Prospects for commercial feedlot finishing of sheep in Zanzibar

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Sokoine University of Agriculture


A study was conducted to evaluate the growth and carcass performance of sheep under two feedlot finishing diets in Zanzibar. Fifty four sheep (age of 9-12 months with initial body weight 18.9±0.6kg) were divided into three groups (T1, T2 and T3) of 18 in 3 replicates (each having 6 individuals). The sheep in T2 and T3 were assigned randomly to two concentrate formulations (Concentrate 1 and Concentrate 2) and a third group of similar number used as a control (T1) was grazed during the day and given no supplements. All animals in T2 and T3 were offered 600g/day concentrates and basal roughage feed of Brachiaria decumbens, Pennisetum purperium and Gliricidia sepium mixed at a ratio of 1.2:1.2:1 respectively at ad libitum level. The concentrates’ principal energy ingredients were rice bran and wheat pollard included in the compounded concentrates as respectively 35% and 25% in T2 and 40% and 20% in T3 while holding all other components constant. Feeding was done for 82 days after which 6 animals were randomly picked from each treatment and slaughtered for carcass analysis. In addition a panel test was run to assess acceptability and ranking of mutton against common beef and goat meat by consumers in Zanzibar. The results of this study revealed that average daily gain of 19.8±4.92, 90.2±3.94 and 85.7±3.85g/day for T1, T2 and T3, respectively. However, there were no significant difference on feed intake and growth performance for T2 and T3. Empty body (23.24 vs. 21.38kg) and hot carcass weight (11.52 vs. 10.87kg) were not significantly (P>0.05) different among T2 and T3. All carcass parameters in sheep on T2 and T3 were similar between them but were significantly superior (P<0.05) to those on T1. Finding from the taste panel showed that mutton was ranked higher than beef and goat on its merits of superior aroma, flavour, juiciness and softness. A good number of consumers were able to identify mutton from goat meat. The cost-benefit analysis showed that carcasses from sheep on T2 had higher net income of Tsh 41,453.68 iii compared to those from T3 and T1 (Tsh 35,223.70 and 8,293.04) respectively. It is concluded that the formulation Concentrate 1 containing rice bran and wheat pollard at a ratio of 1.4:1 in favour of rice bran can profitably support an average daily gain (ADG) of at least 90.2g for sheep entering the feedlot at 18kglive weight. It was also shown that mutton can be readily acceptable to consumers if animals are raised to produce carcases of superior quality.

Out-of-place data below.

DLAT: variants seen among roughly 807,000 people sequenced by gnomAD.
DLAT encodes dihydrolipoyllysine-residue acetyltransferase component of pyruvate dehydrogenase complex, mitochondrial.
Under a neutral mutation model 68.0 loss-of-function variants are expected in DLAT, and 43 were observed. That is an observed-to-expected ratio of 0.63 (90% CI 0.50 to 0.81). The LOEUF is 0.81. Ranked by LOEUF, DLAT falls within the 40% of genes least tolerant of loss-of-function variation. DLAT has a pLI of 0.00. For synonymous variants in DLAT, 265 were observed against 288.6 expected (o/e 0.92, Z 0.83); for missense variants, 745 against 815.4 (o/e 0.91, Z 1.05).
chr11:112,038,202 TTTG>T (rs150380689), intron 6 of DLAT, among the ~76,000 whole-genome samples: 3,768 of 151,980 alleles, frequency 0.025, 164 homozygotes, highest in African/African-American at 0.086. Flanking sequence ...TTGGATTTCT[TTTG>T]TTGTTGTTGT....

commercial feedlot, Zanzibar, Brachiaria decumbens, Sheep, Pennisetum purperiu, Gliricidia sepium